But I think what it all really boils down to is a form of puritanism (which also explains why so many of these people don’t have a tangible, unforced sense of humor — puritans rarely do). Which is ironic, because many of the people who pursue meditative practices despise western religions for being so puritanical and judgmental. However, many of these bald-headed idiots have traded one form of puritanism for another. The only difference is that in, say, Christianity or Islam, the puritanism is related to pleasures of the flesh, while in the meditative traditions, the puritanism is related to the pleasures of the mind. Meditative “Gurus” are often quite ok with, say, the sexual experience (often times to a fault) but instead of saying, “You shouldn’t fuck,” they say “You shouldn’t worry.” And, in the end, all “shoulds” and “should nots” exist only to be slayed. It’s ok to worry. It’s ok to feel depressed. It’s ok to be scared. It’s ok to be unsure about things.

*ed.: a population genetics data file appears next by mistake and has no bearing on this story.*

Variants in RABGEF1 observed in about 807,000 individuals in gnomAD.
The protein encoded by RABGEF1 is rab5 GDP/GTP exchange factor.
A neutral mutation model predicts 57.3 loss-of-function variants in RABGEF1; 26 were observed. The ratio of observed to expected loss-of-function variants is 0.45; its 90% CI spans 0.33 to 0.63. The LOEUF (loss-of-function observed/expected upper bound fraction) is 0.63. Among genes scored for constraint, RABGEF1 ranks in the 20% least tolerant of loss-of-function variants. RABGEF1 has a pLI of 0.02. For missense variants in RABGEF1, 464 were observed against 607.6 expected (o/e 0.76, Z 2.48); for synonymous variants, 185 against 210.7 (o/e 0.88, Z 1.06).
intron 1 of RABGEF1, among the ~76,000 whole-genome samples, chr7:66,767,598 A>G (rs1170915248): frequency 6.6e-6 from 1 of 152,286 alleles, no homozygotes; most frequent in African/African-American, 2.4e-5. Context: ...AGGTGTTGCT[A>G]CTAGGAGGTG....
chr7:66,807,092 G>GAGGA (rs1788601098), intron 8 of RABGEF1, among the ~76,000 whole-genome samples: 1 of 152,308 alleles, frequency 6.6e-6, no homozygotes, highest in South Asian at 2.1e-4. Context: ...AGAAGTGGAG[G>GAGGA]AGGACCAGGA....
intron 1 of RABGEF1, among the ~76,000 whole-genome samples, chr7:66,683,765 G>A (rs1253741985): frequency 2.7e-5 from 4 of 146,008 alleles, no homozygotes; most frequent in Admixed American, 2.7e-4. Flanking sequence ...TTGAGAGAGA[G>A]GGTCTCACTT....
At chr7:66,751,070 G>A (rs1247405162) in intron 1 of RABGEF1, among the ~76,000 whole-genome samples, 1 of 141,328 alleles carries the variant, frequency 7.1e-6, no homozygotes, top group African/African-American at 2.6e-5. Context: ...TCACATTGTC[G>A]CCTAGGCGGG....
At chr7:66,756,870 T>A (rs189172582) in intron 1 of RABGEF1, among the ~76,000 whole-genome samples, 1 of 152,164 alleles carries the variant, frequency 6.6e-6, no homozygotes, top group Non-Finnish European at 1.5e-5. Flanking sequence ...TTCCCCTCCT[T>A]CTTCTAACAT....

I end by asserting that we can look at our emotions as if they are a group of horses. There’s the horse of fear, there’s the horse of worry, there’s the horse of joy, there’s the horse of ambition, and so on and so forth. And when we look at our emotions in this way, I think it’s easy to see that we can’t just get rid of our horses. They don’t just die. If they did, we’d be screwed, because feelings of, say, fear and worry tell us that something is wrong. We need to address that which is wrong. If we lose those horses, we’ll never know if we’re in danger of some kind. But the question, and only question in this regard, is whether the horses are running wild or whether I have some ability to guide them, so that they take me to places I want to go.
And right now, I’m thinking I want my horses to start guiding me into situations where I run across bald-headed idiot-assholes a little less often.